Although insurance CEOs are conscious of the herald of digital disruption breaking through the industry, it will be a whole new challenge to keep up with these revolutionary changes and to see it beyond the plain integration of modern technology. Intelligent solutions must be innovative enough to foster better customer relationship and deliver customer experience in a way that inspires much-needed poise between incipient market expectations and cost optimization. Apart from these, another pressure point is coming from emerging InsurTech entrants who are giving rise to tough competition by creating affordable solutions to reach and serve customers. What is relaxing is that to surpass this challenge, industry leaders are prepared to embrace new innovative possibilities and appreciate the role of creativity in evolving the processes and becoming a beloved brand in the financial marketplace. Over the last two years, we have seen the widespread advent and adoption of AI across multiple industries (be it hospitality or be it healthcare). The idea of digital technologies ruling the financial market isn’t exactly new since Nasdaq in its early days established a secure connected network of trading desks for integrated customer data records.


Voice Payment in Banking: The New Revolution in Fintech

Voice recognition methods use biometrics data to identify who’s speaking with virtual assistants. The robotic assistants have gone through so much changes and updating that you won’t be able to differentiate whether it’s a human or AI is talking to you. However there are a lot of privacy concerns around smart speakers. 33% of U.S. surveyed adults said they had security concerns which restrain them from purchasing the devices. Estimated that in January 2019 26% of people showed a strong concern about speaker’s privacy risk. The number jumped to 30% in January 2020. The reason is exposure to recorded conversations. All of the world’s biggest voice assistant providers Amazon, Google, Apple, Microsoft, Facebook are listening to some utterances because machine learning won’t be efficient if there would be no improvements in conversations between humans and devices. However, some situations were real leakage of consumer secret information which caused many doubts and indicated privacy as key risk in voice assistant technology.AI updates will facilitate the ability to understand accents, dialects, intonations and more. Fingertips is unique biometrics data which is an important secure measure. 48% of people have used biometrics to make payment.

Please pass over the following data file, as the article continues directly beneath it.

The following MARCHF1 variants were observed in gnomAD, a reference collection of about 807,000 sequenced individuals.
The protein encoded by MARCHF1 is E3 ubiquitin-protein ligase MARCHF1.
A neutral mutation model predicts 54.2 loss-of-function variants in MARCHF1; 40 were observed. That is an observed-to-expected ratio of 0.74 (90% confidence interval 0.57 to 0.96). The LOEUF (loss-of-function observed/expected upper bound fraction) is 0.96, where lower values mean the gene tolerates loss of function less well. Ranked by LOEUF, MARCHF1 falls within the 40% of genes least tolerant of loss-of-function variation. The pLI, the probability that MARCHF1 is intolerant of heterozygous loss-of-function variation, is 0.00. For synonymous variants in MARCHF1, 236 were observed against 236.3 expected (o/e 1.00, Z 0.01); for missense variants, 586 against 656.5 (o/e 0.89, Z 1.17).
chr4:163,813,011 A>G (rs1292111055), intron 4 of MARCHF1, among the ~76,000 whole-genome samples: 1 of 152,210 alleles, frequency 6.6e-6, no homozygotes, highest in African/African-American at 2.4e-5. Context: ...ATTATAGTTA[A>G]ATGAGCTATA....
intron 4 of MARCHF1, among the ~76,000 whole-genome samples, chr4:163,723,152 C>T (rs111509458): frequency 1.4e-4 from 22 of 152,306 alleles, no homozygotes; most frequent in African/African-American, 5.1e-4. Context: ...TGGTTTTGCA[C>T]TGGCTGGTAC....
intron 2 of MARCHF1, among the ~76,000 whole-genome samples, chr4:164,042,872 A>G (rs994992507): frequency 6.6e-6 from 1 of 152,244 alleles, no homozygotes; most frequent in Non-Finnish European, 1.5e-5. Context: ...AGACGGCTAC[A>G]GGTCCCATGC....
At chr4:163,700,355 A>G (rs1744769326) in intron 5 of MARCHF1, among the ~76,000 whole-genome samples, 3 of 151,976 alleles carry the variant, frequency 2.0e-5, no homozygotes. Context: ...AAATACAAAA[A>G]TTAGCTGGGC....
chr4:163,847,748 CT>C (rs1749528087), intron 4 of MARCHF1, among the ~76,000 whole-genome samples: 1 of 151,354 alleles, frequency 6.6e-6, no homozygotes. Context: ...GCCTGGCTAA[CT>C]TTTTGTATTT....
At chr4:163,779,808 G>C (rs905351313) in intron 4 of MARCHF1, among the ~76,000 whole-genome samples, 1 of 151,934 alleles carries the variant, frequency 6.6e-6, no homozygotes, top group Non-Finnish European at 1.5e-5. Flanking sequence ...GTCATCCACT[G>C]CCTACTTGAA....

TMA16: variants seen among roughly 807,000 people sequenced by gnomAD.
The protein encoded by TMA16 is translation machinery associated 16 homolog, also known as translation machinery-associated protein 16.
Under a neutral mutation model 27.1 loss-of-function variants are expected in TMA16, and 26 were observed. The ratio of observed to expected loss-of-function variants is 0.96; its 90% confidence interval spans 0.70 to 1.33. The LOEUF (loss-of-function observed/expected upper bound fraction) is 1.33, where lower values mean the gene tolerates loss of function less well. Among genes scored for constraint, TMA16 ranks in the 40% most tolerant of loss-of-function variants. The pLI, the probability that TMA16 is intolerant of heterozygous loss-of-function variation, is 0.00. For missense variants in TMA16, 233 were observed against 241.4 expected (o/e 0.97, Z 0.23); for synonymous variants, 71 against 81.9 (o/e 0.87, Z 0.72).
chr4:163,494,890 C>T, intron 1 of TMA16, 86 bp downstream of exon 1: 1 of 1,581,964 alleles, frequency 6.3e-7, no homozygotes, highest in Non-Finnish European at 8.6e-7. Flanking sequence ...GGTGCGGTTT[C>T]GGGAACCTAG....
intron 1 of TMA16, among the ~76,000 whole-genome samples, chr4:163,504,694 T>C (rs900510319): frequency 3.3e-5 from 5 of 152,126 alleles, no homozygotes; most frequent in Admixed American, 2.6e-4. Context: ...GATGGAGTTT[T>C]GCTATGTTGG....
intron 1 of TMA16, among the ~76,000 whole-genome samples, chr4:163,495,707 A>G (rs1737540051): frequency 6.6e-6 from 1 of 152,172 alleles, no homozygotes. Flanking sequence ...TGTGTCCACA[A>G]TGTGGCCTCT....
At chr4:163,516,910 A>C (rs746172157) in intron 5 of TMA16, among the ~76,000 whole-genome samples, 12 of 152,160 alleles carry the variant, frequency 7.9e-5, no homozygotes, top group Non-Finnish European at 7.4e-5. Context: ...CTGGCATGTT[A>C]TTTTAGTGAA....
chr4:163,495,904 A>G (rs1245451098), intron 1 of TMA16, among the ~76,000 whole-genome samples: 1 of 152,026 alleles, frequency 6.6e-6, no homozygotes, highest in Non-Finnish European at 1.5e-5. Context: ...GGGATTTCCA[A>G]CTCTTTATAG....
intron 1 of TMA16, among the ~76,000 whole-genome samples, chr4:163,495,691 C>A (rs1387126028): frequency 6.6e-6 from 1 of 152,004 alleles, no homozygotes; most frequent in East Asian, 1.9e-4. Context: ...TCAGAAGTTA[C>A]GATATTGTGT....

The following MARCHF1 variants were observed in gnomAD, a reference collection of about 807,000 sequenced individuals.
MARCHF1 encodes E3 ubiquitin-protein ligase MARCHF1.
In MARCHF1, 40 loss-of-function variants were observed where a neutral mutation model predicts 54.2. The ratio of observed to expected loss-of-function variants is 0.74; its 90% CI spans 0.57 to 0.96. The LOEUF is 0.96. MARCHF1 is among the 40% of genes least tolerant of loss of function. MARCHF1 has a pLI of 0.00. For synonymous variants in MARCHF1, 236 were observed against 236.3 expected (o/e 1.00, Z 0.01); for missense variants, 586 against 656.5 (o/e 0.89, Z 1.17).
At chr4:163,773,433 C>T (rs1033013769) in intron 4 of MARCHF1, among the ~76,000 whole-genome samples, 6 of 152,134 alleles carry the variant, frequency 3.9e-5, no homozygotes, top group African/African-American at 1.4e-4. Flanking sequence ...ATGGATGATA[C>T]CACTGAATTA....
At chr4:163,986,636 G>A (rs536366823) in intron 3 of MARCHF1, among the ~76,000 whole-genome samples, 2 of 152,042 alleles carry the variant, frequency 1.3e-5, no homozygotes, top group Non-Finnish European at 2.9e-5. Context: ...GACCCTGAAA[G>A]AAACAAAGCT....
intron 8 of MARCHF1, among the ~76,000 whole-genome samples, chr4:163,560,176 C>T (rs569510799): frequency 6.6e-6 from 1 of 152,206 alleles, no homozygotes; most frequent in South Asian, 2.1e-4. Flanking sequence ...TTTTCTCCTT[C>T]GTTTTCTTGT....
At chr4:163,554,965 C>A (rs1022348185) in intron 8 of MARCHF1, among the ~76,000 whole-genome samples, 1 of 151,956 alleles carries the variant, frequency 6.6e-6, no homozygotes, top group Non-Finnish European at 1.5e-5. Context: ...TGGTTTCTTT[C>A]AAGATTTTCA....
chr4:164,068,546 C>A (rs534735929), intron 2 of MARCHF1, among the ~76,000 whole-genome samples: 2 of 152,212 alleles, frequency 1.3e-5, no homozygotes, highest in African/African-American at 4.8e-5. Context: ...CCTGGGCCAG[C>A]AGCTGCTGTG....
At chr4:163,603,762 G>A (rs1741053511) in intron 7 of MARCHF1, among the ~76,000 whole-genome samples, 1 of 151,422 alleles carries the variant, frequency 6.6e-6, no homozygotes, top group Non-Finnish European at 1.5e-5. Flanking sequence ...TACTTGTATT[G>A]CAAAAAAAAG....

How blockchain is used to transform the lives of people in marginalised communities

A key aim of the Building Blocks project is to provide people in refugee camps with the means of buying food and necessities quickly and securely using direct cash transfers. Another objective is to ensure they no longer have to worry about food vouchers being lost or stolen or about third party organisations, such as banks, having access to their personal data. Direct cash transfers, according to WFP research, are often the most effective and efficient way to distribute humanitarian assistance as well as support local economies. But being able to distribute it relies on the support of local financial institutions, which are not always in a position to do so, not least because many refugees face restrictions in opening bank accounts. To try and address the situation, in early 2017 the WFP introduced a proof-of-concept blockchain-based system to register and authenticate transactions in Sindh province, Pakistan, which did not require a bank to act as an intermediary to connect both parties. The system is now being used to support 106,000 Syrian refugees in the Azraq and Zaatari camps in Jordan and 500,000 Rohingyas in the Cox's Bazar camp in Bangladesh.


Chip industry is going to need a lot more software to catch Nvidia’s lead in AI